Hamdok leaves with goodwill from donors and peace partners

Sunday January 09 2022

Protesters march towards the Presidential Palace during a demonstration on January 6, 2022 demanding the restoration of civilian rule in Khartoum, Sudan. PHOTO | AFP


Sudan’s military junta risks losing international support if they go ahead with naming a government without consulting civilian movements that have been leading public protests in the past two months.

The political situation unravelled quickly this past week following the January 2 resignation of Prime Minister Abdalla Hamdok. He had only returned to the post in November 2021 following the October 25, 2021 coup that had toppled his government. After initially detaining him under house arrest, the junta later freed Dr Hamdok after he agreed to resume premiership.

The military had hoped that Hamdok’s reappointment would pacify the protesting civilians opposed to the coup of October 25. His departure now means the junta still has the protesters to deal with. On Wednesday, Sudan’s international partners said the junta must work with civilians to form the next government, or that doors for donor money will be shut, including support for crucial reform programmes.

“The European Union and the Troika will not support a prime minister or government appointed without the involvement of a broad range of civilian stakeholders,” said the European Union in a joint statement with the US, UK and Norway, commonly known as the Troika.

“We look forward to working with a government and a transitional parliament, which enjoy credibility with the Sudanese people and can lead the country to free and fair elections as a priority.”

Mélanie Joly, the Canadian Foreign Minister reiterated calls for a civilian-led leadership. “Canada calls on all parties to work toward the common goal of getting this transition back on track. The gains made since the Sudanese revolution must not be lost,” she said on Wednesday.


“Canada stands with the Sudanese people and supports their rights to freedom of expression and peaceful assembly. Canada calls for a quick resumption of the transition to democracy and for an immediate end to all forms of violence being committed against protesters.”

The junta is well aware of the repercussions should it defy this, even though it has received significant support from Middle Eastern governments.

Lenders paused activation of Sudan’s eligibility for the Highly Indebted Poor Countries (HIPC) status which would have allowed Sudan’s debt to be forgiven and Khartoum allowed to borrow more. Part of the conditions for eligibility was to continue governance reforms, pass a new constitution, tame corruption and open up the economy.

So far, Western powers have not indicated that the door to collaborating with the junta is shut yet and have engaged Khartoum to know how the country will move forward. US Assistant Secretary of State for African Affairs Molly Phee, this week spoke on phone with Lt-Gen Mohamed Hamdan Dagalo, the vice president of the Sovereign Council in Sudan, who is also seen as the most powerful man in Sudan today.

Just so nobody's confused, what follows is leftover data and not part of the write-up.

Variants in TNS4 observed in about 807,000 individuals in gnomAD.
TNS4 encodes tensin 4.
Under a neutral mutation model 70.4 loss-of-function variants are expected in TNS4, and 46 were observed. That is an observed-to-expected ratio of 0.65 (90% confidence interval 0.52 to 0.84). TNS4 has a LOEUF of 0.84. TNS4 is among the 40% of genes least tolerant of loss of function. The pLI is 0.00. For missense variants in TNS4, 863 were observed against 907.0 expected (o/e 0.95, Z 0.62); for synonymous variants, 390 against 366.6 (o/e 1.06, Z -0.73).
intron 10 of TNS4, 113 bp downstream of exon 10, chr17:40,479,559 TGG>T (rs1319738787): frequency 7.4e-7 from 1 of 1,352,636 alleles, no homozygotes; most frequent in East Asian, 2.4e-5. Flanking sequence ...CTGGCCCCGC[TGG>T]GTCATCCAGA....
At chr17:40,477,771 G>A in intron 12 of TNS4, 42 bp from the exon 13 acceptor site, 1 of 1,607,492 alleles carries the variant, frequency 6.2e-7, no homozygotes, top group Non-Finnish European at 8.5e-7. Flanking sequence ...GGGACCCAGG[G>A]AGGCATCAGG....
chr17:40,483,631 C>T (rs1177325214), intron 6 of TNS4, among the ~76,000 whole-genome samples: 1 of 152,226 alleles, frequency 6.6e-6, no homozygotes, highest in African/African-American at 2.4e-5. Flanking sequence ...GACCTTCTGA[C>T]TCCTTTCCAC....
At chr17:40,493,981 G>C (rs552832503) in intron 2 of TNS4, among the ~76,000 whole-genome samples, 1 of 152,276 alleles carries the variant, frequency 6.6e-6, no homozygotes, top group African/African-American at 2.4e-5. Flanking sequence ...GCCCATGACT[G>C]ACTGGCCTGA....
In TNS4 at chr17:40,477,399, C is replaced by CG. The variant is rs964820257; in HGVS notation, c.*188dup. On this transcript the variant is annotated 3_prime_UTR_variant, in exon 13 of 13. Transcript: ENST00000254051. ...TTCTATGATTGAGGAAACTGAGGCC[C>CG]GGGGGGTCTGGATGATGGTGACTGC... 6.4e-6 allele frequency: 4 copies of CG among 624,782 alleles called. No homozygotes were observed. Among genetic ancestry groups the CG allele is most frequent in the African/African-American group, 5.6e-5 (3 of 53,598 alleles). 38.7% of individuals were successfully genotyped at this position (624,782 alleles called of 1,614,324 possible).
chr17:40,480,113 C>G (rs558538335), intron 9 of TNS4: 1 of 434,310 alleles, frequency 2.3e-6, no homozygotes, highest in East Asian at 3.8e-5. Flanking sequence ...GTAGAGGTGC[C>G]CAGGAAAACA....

On January 5, the Sovereign Council said in a statement that Mr Dagalo provided the US official with “a detailed explanation of the political situation in the country” and expressed his hope that the US would continue its efforts to assist Sudan in the democratic transition process. “The way out of the political crisis in the country is initiating a comprehensive dialogue that leads to a national consensus that includes all Sudanese,” Mr Dagalo said.

The statement quoted the Assistant Secretary of State affirming her country's keenness to co-operate and co-ordinate with the government of Sudan, in order to make the transitional phase successful and achieve democratic transformation, and its support for a dialogue between the Sudanese parties to overcome the current crisis.

But Samantha Power, the administrator of the United States Agency for International Development said Washington was keen on supporting ordinary people.

“Our support remains firmly with the Sudanese people and their demand for an end to military rule. We stand with those risking everything to secure a democratic Sudan,” she tweeted.

“We condemn unequivocally the Sudanese security forces' violent repression. These desperate efforts to suppress the will of the Sudanese people will not succeed, and Sudanese exercising their freedom of expression and right to peaceful protest must be protected from further harm.”

Junta leader Al-Burhan is already seeking to mend fences with the US. On Tuesday, he met with the US Chargé d'Affaires to Khartoum, Brian Shawkan. Al-Burhan stressed the need to continue dialogue between all Sudanese parties to come up with a national consensus program to manage the transitional period, saying that the doors of dialogue will remain open with all political forces and the youth of the revolution, the Sudanese News Agency reported.

Lt-Gen Abdel Fattah Al-Burhan, the chairman of the Transitional Sovereign Council, had on the 66th anniversary of Sudan’s Independence dwelt on the ability of the junta to resolve the crisis in spite of what he called enormous pressure from outside.

Al-Burhan had promised to hand over power at the end of the transitional period on January 1, 2022. So the question is whether the junta is a credible institution, having refused to hand over leadership of the Council to a civilian as agreed last November.

But Al-Burhan’s speech, just a day before Hamdok quit, ignored the fact that many of the young people in Sudan have lost trust in the military and are demanding change now, not later. The absence of a prime minister and a government, means no bridge for the military to co-operate with civilians which in turn means either a continual stalemate or to have a prime minister imposed on the country by the military.